Young Black Women’s Unemployment in Chicago Soars During Pandemic: A New Study Unveils

Introduction: The Unseen Crisis

The rippling effects of the pandemic are broad and diverse, with the rising tide of unemployment among young Black women in Chicago being one of the most alarming outcomes. A new study by the University of Illinois Chicago (UIC) unveils a shocking revelation – the rate of joblessness for this demographic nearly doubled.

Stark Realities in Numbers

As per the UIC study, approximately 45,800 young individuals between the ages of 16 and 24 were neither in school, college, nor part of the workforce in Chicago. Statewide, the number escalated to a whopping 177,000 in 2021. The rise in joblessness among Black women aged 20 to 24 – soaring from 32% in 2019 to nearly 60% in 2021 – stood out as the most astonishing finding.

A Relentless Dilemma

The disparities in unemployment rates widened more in Illinois than the national average. Even as the situation for young whites and Latinos improved, it deteriorated for Black youth. The city of Chicago, with its deeply entrenched inequities, took a harsher blow compared to the national average due to its status as a segregated urban area.

Youth Joblessness and Its Repercussions

Joblessness in youth, particularly those not in school or the workforce, has long plagued Chicago and other cities. It is closely linked to persistent poverty and high violence rates, making it an urgent issue to tackle. The aftermath of disconnection from school and work has shown detrimental effects on health, relationships, and increased chances of violence and incarceration.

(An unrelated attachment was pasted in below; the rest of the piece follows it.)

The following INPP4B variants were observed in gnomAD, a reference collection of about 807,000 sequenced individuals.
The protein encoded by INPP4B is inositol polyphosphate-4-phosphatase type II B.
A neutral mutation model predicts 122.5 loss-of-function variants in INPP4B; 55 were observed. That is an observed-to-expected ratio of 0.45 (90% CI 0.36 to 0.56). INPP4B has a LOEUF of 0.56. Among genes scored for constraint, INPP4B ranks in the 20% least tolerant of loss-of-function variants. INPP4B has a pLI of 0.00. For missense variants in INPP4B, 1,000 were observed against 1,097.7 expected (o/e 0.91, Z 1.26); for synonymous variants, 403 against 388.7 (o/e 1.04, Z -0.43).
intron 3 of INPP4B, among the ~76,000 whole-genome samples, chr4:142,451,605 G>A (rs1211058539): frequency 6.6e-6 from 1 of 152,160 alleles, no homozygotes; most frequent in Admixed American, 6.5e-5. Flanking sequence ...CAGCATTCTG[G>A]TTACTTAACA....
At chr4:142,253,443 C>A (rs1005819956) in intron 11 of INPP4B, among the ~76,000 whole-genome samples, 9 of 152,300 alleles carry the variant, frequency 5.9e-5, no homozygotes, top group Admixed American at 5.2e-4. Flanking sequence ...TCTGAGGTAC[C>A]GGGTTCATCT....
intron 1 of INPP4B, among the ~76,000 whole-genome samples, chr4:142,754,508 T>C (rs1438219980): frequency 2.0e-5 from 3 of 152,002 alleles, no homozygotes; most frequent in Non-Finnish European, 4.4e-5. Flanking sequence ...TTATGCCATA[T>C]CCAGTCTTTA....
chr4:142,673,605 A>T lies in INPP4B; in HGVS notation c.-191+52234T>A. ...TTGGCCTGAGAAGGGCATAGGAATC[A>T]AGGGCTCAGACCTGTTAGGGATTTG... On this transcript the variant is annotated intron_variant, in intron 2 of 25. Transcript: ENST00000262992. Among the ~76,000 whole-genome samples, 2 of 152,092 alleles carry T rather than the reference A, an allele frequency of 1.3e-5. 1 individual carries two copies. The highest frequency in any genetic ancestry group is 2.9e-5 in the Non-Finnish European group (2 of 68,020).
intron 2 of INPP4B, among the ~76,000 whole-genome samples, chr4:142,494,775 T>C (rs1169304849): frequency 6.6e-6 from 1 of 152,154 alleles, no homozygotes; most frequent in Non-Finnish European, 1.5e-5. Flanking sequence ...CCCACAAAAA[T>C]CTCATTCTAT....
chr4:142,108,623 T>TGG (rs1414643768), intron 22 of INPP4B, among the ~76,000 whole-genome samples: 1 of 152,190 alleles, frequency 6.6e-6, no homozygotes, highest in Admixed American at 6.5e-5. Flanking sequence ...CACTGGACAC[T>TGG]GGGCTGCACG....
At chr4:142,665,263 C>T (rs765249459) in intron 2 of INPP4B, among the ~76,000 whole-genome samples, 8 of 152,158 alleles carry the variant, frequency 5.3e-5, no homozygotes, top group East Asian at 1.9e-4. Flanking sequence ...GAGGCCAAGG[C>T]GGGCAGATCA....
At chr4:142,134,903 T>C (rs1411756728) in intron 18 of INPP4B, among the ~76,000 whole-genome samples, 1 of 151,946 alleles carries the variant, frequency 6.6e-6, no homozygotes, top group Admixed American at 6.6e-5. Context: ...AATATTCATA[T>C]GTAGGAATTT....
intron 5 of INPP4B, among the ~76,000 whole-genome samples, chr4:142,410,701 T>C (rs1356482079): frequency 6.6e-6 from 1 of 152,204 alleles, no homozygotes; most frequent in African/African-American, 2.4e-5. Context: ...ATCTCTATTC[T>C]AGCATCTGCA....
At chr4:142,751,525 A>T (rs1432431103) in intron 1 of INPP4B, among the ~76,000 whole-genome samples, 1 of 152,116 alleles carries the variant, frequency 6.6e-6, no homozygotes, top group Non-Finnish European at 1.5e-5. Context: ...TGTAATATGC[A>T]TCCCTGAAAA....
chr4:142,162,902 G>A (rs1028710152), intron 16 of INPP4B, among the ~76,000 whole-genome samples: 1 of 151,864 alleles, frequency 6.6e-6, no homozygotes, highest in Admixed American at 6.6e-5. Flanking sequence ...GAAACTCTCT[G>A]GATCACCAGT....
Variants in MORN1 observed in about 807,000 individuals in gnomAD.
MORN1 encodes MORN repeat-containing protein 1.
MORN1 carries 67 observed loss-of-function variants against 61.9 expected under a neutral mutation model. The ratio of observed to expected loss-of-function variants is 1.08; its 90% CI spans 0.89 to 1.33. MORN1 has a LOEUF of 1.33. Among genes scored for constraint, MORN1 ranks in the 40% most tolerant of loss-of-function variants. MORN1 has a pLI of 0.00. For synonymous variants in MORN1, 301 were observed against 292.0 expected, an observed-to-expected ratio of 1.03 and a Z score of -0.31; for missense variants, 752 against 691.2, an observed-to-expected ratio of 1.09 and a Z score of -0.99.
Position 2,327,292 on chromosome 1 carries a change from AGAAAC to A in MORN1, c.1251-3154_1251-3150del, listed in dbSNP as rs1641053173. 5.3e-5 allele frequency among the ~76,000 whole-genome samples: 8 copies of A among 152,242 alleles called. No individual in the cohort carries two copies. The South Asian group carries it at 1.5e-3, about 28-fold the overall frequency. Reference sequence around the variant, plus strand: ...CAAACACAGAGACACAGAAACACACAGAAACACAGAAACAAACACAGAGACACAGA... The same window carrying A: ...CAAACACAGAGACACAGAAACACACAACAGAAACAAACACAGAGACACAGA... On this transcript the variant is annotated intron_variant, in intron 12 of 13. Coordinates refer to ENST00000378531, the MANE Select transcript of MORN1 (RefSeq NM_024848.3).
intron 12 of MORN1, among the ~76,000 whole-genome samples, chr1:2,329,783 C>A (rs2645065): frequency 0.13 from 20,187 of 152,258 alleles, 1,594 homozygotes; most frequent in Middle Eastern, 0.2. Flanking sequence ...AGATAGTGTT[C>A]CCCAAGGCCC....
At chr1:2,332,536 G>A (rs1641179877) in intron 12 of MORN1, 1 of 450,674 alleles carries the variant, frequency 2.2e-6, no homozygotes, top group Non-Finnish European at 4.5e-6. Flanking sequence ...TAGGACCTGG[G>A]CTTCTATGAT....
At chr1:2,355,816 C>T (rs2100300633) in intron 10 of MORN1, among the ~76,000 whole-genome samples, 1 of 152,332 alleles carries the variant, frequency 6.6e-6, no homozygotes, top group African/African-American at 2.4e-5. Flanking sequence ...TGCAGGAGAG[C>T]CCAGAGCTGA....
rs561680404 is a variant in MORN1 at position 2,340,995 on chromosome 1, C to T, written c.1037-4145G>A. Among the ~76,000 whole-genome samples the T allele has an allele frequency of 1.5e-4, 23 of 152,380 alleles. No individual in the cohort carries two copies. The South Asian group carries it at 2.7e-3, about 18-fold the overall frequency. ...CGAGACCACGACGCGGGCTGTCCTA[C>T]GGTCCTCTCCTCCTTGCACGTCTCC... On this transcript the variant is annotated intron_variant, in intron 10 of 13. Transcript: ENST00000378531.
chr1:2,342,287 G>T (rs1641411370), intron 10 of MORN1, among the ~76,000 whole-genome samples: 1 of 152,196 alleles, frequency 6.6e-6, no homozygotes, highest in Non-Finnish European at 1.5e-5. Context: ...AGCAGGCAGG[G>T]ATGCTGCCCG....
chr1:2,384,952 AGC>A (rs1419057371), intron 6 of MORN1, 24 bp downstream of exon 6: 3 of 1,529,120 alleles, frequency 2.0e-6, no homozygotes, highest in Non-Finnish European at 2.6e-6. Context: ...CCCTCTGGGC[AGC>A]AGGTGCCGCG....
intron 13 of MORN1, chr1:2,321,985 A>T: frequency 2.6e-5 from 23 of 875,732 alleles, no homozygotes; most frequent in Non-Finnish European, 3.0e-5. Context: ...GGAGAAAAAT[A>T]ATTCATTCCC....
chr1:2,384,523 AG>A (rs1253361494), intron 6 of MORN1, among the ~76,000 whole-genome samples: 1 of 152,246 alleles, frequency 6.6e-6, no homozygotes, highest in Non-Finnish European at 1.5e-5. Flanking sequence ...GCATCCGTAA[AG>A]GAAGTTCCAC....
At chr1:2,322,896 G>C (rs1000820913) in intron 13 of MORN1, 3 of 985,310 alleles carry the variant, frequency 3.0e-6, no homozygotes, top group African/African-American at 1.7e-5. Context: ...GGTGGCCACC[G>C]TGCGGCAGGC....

Amelioration Efforts and Struggles

Efforts to address this issue include plans like the $300 million statewide youth jobs program, aimed at creating jobs for up to 80,000 teens and young adults. While programs like One Summer Chicago have provided jobs for thousands, the problem persists. The challenge of gaining a foothold on the job market without prior experience is a widespread concern among youth.

Concluding Note

The pandemic-induced rise in young Black women’s unemployment necessitates immediate and substantial measures. By understanding the complexity of the issue, and the long-term benefits of investing in youth job programs, we can hope to witness a positive shift in these troubling trends.

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